My "kibbutz" crew was the smallest at camp, only five boys -- but we had a great time cleaning bikes, learning how to fix flats and troubleshoot safety issues. At the end of the camp, the director of revolvekc came to collect the tools, repair stand and bikes, and the kids felt so proud of what they had accomplished.
While we worked on the bicycles during our time at camp, we talked about how easy or hard it was to ride a bike in their very sterile, car-centric suburb. They all told me that they had to ride on the sidewalk, and that some elementary schools actively discouraged their students from riding to school out of safety concerns (how terribly sad). They were amazed to learn that in Portland I did not own a car, and rode a bike or took public transit to get around town. While they agreed that their riding was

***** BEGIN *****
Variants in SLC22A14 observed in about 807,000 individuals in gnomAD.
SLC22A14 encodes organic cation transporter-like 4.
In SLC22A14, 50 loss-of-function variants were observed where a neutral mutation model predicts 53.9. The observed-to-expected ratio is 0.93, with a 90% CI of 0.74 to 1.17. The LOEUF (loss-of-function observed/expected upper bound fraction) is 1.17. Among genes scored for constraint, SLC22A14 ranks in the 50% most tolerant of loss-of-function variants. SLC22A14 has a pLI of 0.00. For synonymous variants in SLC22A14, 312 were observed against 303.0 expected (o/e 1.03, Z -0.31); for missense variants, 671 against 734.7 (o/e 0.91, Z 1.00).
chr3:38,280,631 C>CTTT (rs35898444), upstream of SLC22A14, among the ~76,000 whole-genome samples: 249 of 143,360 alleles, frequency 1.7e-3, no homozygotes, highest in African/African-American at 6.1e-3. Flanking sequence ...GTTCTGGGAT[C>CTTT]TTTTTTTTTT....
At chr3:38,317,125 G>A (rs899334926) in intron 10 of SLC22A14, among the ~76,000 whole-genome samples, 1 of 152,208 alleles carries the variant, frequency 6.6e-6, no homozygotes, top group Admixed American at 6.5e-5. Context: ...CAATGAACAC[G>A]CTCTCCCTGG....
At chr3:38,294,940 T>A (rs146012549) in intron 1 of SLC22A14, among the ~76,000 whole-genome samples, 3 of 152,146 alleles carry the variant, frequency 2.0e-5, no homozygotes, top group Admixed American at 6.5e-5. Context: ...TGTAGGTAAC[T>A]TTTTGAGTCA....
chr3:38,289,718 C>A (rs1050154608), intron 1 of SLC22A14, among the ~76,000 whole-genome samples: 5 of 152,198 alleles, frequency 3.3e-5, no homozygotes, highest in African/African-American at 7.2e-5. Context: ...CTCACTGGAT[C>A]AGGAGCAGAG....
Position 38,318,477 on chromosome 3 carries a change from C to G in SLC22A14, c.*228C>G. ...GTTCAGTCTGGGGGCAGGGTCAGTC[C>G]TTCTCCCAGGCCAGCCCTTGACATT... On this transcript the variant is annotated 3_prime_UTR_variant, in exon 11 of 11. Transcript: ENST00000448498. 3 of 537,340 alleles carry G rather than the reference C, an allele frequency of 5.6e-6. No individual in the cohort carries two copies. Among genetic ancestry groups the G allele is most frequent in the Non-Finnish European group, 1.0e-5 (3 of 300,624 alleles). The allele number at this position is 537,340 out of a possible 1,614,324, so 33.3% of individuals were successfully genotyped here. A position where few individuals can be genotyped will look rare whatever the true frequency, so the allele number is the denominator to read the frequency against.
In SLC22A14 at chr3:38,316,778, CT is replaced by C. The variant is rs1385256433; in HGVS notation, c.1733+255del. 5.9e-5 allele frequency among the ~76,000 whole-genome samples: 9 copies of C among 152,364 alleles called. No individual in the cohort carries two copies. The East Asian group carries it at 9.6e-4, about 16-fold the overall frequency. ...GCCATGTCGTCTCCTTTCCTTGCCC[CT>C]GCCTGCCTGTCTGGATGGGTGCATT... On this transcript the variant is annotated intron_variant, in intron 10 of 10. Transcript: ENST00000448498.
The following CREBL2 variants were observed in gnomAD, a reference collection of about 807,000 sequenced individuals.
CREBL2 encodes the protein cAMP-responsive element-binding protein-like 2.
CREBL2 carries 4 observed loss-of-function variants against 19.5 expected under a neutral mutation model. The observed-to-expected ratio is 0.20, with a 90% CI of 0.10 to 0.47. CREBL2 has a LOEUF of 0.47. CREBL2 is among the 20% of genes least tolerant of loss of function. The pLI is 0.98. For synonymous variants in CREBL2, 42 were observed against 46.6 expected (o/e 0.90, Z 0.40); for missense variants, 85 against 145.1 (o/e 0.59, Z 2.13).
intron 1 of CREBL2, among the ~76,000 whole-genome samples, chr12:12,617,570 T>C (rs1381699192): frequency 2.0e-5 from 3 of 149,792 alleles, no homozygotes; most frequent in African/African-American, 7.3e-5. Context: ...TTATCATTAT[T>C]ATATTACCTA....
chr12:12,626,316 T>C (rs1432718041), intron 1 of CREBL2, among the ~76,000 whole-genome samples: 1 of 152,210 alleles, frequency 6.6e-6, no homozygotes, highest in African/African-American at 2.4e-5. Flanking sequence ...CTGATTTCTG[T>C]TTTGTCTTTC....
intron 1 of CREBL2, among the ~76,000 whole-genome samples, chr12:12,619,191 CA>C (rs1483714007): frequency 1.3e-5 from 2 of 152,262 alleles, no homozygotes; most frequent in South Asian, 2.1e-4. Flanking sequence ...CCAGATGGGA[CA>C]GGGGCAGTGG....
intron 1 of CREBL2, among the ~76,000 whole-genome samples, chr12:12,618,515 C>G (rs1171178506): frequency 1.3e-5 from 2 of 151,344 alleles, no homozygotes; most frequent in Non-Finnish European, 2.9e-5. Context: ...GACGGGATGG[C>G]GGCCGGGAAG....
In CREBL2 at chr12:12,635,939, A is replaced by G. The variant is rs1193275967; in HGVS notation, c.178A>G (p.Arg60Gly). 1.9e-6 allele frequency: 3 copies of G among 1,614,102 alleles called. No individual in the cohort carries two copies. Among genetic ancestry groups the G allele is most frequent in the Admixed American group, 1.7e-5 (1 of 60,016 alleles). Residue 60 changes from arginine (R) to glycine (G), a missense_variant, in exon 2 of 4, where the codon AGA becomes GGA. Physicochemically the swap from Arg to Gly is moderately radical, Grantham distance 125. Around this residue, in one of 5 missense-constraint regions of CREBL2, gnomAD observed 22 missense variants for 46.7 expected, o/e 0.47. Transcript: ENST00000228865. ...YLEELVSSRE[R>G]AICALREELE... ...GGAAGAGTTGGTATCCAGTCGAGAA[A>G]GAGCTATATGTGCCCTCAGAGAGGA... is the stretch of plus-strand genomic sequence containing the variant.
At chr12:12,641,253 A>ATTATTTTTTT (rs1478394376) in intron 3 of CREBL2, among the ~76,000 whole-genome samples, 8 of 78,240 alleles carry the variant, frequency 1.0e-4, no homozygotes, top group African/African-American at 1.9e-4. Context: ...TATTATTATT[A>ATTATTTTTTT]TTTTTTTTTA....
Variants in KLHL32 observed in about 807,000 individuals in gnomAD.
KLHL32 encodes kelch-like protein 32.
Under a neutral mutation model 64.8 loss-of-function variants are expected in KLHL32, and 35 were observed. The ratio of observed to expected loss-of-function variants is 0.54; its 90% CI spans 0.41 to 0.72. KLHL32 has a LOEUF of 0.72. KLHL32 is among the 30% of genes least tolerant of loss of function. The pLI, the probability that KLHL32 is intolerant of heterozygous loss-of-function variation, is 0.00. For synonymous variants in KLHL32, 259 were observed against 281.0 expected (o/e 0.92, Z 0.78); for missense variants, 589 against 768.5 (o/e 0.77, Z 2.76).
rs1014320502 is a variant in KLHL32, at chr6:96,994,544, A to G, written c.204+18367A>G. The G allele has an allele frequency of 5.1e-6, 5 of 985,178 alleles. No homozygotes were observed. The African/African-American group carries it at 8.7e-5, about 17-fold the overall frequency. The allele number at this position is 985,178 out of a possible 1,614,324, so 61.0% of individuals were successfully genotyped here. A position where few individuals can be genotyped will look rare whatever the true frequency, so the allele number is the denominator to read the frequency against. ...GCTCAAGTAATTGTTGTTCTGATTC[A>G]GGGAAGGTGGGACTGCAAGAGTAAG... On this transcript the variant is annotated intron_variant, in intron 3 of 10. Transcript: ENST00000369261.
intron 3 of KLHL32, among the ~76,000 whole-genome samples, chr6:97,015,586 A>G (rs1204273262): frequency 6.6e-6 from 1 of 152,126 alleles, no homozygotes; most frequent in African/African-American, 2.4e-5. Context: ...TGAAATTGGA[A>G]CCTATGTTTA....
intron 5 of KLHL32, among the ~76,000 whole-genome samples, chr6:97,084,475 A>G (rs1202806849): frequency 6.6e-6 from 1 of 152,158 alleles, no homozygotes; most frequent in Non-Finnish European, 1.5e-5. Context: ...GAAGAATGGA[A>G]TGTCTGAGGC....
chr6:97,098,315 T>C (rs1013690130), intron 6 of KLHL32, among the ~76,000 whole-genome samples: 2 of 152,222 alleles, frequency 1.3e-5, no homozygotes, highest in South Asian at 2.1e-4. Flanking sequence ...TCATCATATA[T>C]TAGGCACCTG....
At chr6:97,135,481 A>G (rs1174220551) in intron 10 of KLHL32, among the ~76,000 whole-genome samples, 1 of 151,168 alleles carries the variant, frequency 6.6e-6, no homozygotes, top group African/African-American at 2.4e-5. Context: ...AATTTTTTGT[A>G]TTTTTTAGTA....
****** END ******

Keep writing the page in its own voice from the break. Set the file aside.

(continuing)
curtailed somewhat by places to safely ride, they all told me they loved riding their bicycles when they could. I felt bad for these kids and how sheltered their lives were. I hoped that someday they would find a way to get out of their suburb and explore the wider world -- and bring their bikes along when they did.